One of the first things which became noticeable to me when reading "In Cold Blood" was that although the story is set primarily in the late 1950s and the early 1960s, there is also a distinct Steinbeckian/Dustbowl character to it, as if many of the sweeping cultural and economic changes of the post-war period had not yet reached certain parts of America.

There is quite a lengthy build-up to the crime itself, allowing us to gain a flavour of the temperament and background of all concerned. There is real poignancy in the passages portraying life in the town of Holcomb, the people going about their everyday business, oblivious to the horror which was to shortly be visited upon them. As we the readers know what is going to occur, we are given a keen appreciation of all that is about to be lost.

As many have observed, the interplay between the two murderers, Perry and Dick, is gripping and unsettling. The constant ruminations about the raw deal which life had supposedly dealt them, are food for thought, even if they do not diminish the disdain which one feels for them and their deeds. Whatever one might think of them, though, they are not one-dimensional people.

Whenever I am exposed these days to "true crime" literature or television, I am left thinking what else society could have done, pro-actively or otherwise, to prevent such terrible things happening. Maybe what really needs to be done to make resentment, alienation and envy marginally less prevalent is too much to ask for. The genie was out of the bottle long ago.

Another feature of "In Cold Blood" which intrigues me is that certain stereotypes are not adhered to. For example, the uneven attitudes to the death penalty, and the humanity and understanding shown by some residents and law enforcement people towards the prisoners.

The final stages of the novel deal with the execution of the two men, after their legal avenues had been exhausted. It didn't really feel like any particular stance was being adopted about capital punishment, and the story didn't do anything to shake my opposition to the practice. The words and the imagery speak for themselves.

The final scene, when the detective Dewey meets Susan in the cemetery, is a suitably eloquent note on which to close matters.






Thursday, 21 May 2015

Helter Skelter - Vincent Bugliosi, with Curt Gentry

Just recently, my interest in the Charles Manson phenomenon has been re-awakened, and as part of this process I revisited the book "Helter Skelter", written by Vincent Bugliosi, with Curt Gentry. This is a comprehensive account of the infamous murders of August 1969, and the subsequent investigations and trial, seen partly through the eyes of Bugliosi, who was the prosecutor in the case.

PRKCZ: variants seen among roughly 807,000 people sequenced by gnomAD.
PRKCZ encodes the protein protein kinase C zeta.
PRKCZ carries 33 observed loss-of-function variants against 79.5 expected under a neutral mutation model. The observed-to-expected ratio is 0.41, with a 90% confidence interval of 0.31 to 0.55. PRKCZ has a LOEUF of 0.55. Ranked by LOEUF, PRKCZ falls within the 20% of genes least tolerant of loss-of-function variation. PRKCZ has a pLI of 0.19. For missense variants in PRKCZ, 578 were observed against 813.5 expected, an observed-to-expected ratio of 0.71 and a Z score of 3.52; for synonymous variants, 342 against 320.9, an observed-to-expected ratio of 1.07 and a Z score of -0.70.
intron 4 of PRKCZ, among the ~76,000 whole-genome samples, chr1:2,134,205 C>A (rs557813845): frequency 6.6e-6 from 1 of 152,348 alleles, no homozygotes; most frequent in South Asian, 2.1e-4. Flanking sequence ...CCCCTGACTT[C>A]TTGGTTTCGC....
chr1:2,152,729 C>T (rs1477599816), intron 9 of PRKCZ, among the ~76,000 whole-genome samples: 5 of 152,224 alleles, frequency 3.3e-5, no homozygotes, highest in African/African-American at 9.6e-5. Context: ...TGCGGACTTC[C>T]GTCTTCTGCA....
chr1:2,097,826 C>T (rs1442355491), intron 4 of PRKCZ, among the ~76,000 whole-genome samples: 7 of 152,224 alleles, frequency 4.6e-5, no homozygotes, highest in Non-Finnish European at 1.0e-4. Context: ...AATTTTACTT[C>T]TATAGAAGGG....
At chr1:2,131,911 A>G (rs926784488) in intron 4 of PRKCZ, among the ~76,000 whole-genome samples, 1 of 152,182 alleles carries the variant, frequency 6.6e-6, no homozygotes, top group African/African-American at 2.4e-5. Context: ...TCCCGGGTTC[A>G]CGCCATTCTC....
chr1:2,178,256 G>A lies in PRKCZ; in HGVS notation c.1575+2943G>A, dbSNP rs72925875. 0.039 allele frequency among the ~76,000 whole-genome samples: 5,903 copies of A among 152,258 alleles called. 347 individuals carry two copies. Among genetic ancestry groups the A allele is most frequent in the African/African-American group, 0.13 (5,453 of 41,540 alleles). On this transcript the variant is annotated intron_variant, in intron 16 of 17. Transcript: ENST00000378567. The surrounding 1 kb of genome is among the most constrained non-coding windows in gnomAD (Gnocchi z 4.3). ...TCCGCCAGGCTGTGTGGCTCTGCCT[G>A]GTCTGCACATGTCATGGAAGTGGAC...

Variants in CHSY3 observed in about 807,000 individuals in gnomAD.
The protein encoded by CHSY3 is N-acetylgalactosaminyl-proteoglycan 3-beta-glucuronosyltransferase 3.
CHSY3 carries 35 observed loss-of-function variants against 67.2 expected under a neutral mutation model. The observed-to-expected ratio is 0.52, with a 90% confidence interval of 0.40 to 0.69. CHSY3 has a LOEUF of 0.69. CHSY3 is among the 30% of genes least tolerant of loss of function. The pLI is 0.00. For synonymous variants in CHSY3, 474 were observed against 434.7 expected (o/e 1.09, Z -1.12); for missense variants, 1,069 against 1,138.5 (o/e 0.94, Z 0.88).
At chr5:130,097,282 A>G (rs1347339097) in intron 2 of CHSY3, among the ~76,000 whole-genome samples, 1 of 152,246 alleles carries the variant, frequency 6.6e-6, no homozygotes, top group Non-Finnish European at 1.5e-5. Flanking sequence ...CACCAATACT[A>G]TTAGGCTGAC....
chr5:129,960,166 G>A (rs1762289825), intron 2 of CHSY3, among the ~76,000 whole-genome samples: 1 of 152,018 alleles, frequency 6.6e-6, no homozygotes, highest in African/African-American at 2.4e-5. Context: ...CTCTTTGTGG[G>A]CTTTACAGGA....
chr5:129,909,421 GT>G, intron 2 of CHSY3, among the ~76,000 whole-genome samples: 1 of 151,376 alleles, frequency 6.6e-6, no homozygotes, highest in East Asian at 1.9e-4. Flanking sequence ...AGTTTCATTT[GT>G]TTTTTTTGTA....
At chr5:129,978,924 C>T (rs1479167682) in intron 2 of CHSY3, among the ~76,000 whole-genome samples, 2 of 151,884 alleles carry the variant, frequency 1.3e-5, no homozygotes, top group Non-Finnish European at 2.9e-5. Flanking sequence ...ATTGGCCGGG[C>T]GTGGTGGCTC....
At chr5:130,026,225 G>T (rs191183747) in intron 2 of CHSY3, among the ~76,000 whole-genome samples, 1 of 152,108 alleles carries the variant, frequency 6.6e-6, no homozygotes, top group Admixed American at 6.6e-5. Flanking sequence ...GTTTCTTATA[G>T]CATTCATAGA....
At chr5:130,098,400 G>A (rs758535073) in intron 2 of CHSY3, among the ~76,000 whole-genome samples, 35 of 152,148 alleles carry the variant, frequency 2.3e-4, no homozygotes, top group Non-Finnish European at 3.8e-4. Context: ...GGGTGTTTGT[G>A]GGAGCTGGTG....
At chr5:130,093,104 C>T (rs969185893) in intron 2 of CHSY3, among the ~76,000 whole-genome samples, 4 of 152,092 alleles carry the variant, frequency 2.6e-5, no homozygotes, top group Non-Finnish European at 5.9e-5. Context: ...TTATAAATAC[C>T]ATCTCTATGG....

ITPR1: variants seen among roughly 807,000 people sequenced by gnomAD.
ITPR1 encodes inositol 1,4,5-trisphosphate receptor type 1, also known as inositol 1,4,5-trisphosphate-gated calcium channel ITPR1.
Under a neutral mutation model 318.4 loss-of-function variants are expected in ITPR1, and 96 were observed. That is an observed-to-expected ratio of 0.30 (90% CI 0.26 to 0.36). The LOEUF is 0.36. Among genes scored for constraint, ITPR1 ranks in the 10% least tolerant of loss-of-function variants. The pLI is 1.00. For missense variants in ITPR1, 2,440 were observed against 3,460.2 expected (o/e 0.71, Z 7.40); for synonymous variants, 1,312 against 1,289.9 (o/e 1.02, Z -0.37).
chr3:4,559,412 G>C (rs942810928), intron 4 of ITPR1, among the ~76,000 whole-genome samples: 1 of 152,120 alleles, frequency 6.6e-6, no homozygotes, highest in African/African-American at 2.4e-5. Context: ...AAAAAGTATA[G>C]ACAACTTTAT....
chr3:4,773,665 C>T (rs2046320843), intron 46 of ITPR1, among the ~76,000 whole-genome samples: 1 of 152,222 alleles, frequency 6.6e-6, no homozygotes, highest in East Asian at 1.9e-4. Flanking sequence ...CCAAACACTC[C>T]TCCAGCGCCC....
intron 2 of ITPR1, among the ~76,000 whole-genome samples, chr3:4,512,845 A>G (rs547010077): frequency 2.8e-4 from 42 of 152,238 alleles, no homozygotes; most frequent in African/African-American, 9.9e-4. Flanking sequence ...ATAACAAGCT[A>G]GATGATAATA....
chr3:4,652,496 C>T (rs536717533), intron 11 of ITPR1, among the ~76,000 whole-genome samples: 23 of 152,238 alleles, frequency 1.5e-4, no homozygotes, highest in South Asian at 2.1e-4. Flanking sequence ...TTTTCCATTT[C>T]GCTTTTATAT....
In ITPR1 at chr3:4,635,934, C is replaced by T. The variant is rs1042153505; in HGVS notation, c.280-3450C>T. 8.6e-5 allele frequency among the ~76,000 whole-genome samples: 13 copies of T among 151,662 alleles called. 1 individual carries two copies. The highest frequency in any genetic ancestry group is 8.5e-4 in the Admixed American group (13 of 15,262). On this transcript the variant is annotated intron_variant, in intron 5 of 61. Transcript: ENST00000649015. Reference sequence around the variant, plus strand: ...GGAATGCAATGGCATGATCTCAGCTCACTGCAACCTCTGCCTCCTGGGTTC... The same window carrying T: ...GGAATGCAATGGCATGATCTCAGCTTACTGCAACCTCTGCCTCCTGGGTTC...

As well as chronicling the intricacies of the police enquiries and the assorted legal manoeuvrings, we get some insight into the motives and mindset of Manson and his followers, although this is not really a biography as such. This is a true crime work with considerable cultural resonance.

The investigations are methodically detailed here, including the initial reluctance to connect the two sets of murders. The notion that the second incident was the work of copycats seems laughable - do copycats operate within such a short timescale, and do they go to such lengths? The inflexibility of some officialdom also comes through, in its refusal to believe or take seriously stories supplied by people who had knowledge of who was responsible, and why. Was the gap between "straight" society and the counterculture even wider in 1969 than it is now?  Those who pursued an "alternative" lifestyle were not to be trusted, it seems.

One gets a sense of how the investigations assumed greater urgency, cohesion and imagination once Bugliosi became involved, and he tries hard to hide his exasperation at the inefficiency of some sections of the police. I also gained a heightened appreciation of the skill, sharpness, diligence and ingenuity required to be a prosecutor (or any kind of lawyer, for that matter). The peculiar nature of this case clearly placed a premium on those qualities. From early on, the prosecutor realised what, and who, he was up against.